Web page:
Although researchers have been studying the hate crime victimization of gay men, and to a lesser extent other LGBT identities, they often limit queer experiences as passive or lacking agency. Evidence suggests that various intersections of a LGBT person’s identity including race, class, and gender identity, influence both their likelihood of being victims of hate crimes and their perceptions of the harmful impacts of the victimization experience itself. Scholars also critique hate crime politics and legislation for treating queer violence as individualized and abnormal, rather than highlighting the systematic ways that LGBT people are oppressed and excluded in mainstream society that facilitates this violence.
We know far less about how LGBTQ individuals participate in gang activity and violence. New investigations into gay gang members challenges heteronormative assumptions about participation in violent crime. This work, spearheaded by sociologist Vanessa R. Panfil, demonstrates how these gay men must reconcile their sexuality in an overtly masculine and homophobic gang culture. Panfil shows that while some of her participants participated in predominantly straight or mixed-sexuality gangs, others were part of queer friendship networks that created their own — and self-defined as — “gangs” in order to protect themselves from discrimination, bullying, and violence in their neighborhoods, much like the friends in Check It.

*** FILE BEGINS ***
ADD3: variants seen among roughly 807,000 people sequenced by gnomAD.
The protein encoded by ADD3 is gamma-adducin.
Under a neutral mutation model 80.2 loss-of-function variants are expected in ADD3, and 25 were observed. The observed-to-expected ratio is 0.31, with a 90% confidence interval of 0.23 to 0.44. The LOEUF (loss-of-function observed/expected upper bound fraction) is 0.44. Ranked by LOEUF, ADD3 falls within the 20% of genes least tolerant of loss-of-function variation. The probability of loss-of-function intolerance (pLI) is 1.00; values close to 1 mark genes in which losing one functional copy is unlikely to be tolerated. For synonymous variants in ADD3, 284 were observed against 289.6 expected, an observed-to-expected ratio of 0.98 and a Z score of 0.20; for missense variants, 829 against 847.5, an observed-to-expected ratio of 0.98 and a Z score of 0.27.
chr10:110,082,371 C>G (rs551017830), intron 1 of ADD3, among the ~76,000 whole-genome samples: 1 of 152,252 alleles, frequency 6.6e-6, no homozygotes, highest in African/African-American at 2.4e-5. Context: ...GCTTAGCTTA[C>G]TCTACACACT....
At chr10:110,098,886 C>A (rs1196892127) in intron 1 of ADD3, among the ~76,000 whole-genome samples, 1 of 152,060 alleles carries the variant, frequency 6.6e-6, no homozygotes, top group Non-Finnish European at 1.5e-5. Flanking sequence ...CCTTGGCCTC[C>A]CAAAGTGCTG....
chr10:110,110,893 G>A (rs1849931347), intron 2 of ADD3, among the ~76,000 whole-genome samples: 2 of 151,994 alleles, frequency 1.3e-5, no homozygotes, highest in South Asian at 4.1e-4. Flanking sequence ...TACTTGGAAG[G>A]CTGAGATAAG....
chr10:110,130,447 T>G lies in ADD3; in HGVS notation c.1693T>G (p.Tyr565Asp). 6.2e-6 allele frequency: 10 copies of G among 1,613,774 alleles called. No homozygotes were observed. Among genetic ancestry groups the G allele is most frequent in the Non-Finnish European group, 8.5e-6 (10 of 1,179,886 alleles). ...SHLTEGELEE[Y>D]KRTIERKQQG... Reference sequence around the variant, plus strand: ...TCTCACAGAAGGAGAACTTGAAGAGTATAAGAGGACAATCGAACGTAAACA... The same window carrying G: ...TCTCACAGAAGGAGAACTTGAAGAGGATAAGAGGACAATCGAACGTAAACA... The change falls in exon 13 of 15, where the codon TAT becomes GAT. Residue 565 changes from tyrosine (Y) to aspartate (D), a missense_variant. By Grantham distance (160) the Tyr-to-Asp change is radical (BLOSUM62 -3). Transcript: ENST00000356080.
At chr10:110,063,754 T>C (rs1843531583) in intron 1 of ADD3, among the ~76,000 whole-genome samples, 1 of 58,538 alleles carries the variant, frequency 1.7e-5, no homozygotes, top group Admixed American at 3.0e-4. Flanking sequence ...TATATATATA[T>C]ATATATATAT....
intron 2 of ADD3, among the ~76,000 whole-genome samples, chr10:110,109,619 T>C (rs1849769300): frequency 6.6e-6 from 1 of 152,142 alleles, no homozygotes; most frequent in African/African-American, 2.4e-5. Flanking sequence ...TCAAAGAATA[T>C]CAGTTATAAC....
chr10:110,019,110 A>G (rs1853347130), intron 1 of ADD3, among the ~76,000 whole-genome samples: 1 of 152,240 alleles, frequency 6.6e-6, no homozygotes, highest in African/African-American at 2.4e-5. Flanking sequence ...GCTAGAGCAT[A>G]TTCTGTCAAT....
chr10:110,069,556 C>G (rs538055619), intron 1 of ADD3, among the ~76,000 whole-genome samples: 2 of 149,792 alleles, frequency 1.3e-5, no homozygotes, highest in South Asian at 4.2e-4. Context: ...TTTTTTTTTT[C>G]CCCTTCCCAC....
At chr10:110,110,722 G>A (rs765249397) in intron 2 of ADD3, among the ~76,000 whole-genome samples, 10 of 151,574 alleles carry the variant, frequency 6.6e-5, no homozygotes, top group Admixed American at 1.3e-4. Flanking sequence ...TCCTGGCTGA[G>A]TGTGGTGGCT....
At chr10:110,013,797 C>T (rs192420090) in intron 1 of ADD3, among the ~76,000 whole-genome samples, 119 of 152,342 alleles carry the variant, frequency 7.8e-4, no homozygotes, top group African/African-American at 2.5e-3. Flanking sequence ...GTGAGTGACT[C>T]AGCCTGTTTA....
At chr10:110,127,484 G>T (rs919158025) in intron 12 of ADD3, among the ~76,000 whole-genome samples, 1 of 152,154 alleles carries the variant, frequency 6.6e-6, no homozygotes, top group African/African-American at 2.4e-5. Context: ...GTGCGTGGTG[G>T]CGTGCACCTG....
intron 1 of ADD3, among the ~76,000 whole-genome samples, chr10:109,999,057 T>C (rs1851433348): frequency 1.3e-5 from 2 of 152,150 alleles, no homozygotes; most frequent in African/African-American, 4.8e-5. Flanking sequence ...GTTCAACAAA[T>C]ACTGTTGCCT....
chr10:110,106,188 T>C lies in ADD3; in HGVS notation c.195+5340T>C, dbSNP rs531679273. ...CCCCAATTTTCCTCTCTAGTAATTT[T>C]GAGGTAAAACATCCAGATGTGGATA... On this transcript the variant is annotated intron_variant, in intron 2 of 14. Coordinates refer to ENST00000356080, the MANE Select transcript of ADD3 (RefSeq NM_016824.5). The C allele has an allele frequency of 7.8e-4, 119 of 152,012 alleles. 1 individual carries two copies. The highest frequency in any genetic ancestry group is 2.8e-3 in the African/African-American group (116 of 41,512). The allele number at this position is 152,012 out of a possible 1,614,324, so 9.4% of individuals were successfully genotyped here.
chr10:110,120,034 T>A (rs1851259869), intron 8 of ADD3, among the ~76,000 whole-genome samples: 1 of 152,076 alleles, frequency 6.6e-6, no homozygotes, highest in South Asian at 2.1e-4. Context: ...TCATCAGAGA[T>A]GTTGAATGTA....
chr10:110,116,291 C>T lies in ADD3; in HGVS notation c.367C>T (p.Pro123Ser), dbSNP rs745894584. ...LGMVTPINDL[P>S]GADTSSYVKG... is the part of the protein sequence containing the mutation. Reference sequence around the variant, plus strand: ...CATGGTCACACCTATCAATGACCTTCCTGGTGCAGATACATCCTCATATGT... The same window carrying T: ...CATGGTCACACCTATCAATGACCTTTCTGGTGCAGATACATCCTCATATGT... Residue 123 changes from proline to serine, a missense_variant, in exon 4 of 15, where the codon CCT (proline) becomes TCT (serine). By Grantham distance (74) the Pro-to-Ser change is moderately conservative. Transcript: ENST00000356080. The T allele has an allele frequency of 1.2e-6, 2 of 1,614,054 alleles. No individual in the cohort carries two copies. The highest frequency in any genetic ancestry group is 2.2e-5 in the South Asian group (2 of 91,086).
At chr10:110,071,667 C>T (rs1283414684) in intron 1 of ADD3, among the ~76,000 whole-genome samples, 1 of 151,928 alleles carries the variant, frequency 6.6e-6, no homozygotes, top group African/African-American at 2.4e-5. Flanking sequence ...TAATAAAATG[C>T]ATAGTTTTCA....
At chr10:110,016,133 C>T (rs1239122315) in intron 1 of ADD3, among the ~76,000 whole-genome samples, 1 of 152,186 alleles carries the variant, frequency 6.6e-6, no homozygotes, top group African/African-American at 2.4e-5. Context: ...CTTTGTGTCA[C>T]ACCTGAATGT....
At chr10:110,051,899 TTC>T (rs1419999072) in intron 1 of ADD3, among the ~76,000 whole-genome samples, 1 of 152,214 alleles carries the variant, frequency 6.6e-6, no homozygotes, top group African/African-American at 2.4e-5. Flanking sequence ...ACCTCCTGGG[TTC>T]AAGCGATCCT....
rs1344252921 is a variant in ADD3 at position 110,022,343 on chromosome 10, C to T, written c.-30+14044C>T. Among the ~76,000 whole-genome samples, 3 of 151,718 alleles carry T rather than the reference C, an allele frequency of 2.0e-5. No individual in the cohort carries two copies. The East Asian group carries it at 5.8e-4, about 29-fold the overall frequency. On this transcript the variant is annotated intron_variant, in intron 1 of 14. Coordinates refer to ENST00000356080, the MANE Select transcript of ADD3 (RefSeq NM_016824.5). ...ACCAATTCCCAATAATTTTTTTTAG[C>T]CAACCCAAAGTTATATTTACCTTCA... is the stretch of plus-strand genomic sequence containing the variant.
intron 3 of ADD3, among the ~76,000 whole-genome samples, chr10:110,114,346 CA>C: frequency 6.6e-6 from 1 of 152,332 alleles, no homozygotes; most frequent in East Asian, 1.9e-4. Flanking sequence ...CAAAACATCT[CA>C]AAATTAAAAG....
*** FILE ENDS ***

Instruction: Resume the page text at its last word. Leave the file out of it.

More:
“Queering” criminal behavior breaks down inaccurate understandings of how violence operates. Among gay gang members, it isn’t just about untethered masculinity. LGBT perspectives highlight how binaries such as “victim” and “perpetrator,” and even the very idea of what constitutes a “gang,”  are often superfluous, inaccurate, and stigmatizing. Incorporating queer voices into studies of criminal behavior and punishment helps to disentangle how the various intersections of identities shape criminal behavior and criminalization.

A brown hand holds a pipe with a clear liquid flowing from it.
Photo by CIAT, Flickr CC

Research on “environmental racism” discusses how non-white communities more frequently reside in areas that are environmentally unclean, polluted, or hazardous — often a direct consequence of other racial inequalities. We at The SocietyPages have written about this phenomenon before, but recent research shows that the consequences of climate change have added new dimensions to these dynamics.